Clement Clark Moore c. 1850
Clement Clark Moore never really understood what all the fuss was about. He just did not get it. Moore[1779-1863] was a writer and American Professor of Oriental and Greek Literature, as well as Divinity and Biblical Learning, at the General Theological Seminary of the Protestant Episcopal Church, in New York City. Moore graduated from Columbia College (1798), where he earned both his B.A. and his M.A.. The seminary was developed on land donated by Moore and it continues on this site at Ninth Avenue between 20th and 21st streets, in an area known as Chelsea Square.
Moore's estate, named Chelsea, was on the west side of the island of Manhattan above Houston Street, where the developed city ended at the time. It was mostly open countryside before the 1820s. It had been owned by his maternal grandfather Maj. Thomas Clarke, a retired British veteran of the French and Indian War.
Although a professor, Moore occasionally wrote poetry for special family occasions to amuse his wife and children. On December 24, 1822 he promised 6 year old daughter, Charity a special Christmas poem. In about 2 hours he wrote one of the best known poems in American History.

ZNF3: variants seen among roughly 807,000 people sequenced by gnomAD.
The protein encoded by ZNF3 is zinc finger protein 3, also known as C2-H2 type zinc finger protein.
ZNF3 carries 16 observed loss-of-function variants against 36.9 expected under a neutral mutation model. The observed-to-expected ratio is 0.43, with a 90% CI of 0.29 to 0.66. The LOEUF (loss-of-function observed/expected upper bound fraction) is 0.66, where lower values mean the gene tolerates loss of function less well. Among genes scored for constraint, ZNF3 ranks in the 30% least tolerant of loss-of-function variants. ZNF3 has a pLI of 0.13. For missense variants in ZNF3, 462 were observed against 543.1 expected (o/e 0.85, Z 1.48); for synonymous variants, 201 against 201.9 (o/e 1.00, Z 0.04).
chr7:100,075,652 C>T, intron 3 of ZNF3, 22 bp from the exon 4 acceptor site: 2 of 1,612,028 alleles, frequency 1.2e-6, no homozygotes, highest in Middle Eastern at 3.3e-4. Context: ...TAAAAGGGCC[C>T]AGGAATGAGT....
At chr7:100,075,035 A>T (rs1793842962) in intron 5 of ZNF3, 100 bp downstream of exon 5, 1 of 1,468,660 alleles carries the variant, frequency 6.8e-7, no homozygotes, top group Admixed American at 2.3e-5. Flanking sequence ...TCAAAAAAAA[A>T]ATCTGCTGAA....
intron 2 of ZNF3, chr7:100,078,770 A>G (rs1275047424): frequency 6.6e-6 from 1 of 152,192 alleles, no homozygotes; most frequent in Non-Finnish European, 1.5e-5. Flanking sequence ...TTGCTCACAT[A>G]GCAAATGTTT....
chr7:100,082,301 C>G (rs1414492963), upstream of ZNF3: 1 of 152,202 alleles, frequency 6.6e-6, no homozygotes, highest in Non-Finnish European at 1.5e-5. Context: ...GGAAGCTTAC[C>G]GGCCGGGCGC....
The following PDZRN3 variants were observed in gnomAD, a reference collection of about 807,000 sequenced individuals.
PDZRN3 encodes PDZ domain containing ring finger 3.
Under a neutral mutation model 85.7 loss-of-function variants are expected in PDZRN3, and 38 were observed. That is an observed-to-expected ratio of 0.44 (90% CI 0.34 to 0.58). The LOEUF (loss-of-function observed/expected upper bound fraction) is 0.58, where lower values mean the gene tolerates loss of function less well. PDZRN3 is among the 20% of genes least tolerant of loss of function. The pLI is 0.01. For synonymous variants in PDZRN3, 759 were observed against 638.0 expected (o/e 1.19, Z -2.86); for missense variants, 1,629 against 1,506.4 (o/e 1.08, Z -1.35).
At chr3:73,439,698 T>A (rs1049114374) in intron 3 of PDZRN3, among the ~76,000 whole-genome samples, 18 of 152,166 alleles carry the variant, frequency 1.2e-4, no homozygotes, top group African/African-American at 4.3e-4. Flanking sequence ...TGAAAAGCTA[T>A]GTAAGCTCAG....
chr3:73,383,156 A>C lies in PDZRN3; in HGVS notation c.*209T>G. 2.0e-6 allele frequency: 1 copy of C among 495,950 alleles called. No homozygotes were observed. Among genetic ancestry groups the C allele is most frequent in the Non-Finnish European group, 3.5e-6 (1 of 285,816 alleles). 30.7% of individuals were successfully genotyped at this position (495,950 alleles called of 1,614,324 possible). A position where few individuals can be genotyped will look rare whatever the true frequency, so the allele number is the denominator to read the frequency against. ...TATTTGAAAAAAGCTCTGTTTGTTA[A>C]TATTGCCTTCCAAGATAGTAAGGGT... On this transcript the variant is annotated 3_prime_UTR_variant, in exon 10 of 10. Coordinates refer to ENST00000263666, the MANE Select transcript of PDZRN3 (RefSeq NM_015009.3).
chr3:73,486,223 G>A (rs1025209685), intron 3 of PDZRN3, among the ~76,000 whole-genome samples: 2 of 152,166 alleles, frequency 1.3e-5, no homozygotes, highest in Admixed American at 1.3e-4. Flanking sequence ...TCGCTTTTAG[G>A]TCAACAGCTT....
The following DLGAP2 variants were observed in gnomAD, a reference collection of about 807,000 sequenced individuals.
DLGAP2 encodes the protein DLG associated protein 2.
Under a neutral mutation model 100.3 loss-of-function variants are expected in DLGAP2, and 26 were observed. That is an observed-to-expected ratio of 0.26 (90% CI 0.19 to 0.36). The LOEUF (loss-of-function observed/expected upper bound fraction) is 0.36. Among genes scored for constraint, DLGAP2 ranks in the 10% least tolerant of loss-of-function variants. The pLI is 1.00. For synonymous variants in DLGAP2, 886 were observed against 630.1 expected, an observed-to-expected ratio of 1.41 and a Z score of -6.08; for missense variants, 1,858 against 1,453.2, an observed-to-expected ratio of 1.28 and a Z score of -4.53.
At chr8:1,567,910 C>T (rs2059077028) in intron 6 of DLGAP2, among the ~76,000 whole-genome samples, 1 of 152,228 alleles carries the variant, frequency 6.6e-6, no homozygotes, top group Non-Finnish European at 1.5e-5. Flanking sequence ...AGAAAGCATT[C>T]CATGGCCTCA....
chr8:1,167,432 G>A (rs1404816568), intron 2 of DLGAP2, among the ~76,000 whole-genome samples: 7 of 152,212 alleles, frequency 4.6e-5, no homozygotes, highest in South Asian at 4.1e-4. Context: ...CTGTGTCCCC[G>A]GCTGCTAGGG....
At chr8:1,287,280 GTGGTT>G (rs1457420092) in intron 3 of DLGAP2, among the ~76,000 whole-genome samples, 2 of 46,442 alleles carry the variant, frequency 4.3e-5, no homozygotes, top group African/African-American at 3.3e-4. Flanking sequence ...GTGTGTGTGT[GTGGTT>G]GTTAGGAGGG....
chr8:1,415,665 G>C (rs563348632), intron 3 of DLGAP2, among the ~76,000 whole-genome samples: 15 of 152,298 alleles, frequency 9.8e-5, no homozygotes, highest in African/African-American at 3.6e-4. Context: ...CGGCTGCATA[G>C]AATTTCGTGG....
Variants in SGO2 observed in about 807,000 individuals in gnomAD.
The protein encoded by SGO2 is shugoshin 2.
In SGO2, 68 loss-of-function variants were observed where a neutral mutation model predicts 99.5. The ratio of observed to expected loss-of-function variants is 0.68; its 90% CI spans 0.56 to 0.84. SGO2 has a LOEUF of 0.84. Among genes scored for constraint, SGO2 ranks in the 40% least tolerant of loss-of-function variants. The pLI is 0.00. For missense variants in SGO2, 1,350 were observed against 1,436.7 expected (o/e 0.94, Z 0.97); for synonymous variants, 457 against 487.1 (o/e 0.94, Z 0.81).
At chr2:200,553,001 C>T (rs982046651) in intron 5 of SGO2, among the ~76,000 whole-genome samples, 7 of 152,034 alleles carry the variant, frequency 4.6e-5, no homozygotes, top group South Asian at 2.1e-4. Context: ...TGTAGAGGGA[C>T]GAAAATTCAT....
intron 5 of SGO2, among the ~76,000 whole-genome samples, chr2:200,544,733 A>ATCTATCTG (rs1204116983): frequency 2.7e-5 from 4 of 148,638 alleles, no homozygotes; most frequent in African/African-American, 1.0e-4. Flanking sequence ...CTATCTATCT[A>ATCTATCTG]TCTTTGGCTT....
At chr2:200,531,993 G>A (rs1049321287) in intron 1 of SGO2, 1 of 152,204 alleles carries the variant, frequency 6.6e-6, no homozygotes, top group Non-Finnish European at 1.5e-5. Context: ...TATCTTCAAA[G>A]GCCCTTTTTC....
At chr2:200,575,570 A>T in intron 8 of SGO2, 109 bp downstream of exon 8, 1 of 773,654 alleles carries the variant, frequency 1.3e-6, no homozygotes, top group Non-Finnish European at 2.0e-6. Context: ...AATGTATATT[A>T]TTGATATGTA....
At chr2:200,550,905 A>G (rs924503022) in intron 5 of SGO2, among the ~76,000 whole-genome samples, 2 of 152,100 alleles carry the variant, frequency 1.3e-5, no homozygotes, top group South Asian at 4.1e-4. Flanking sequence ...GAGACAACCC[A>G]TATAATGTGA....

The poem, Moore titled, "A Visit from St. Nicholas" is largely responsible for the conception of Santa Claus from the mid-nineteenth century to today, including his physical appearance, the night of his visit, his mode of transportation, the number and names of his reindeer, and the tradition that he brings toys to children. Moore thought nothing of it, until the next year the poem was published in the Troy, New York, Sentinel newspaper. Moore was horrified. It turned out daughter, Charity had let a cousin copy "her poem" and then a friend of the cousin had sent the poem into the newspaper anonymously. At a time when children's literature was generally frowned on, especially by college professors, Moore was worried what his colleagues would think of his poetry. Moore swore his family to secrecy and watched for the next 15 years as the poem was published in newspapers and magazines throughout the United States. Finally in the late 1830's when other people began to make claims as being the author of the poem, Moore finally stepped forward and admitted he had written the poem himself. Although praise was heaped upon him, Moore thought his scholarly work was much more important. Moore was asked numerous times to write the poem out in his own hand but he almost always refused, and only 3 copies are known to exist. Moore finally included the poem under his name for the first time in 1844 in a book he was editing on New York State poetry. In the book's preface Moore summed up his thoughts about the poem, "It was a mere trifle", Moore wrote," one which had been found to afford far greater pleasure, than what was by myself deemed of worth".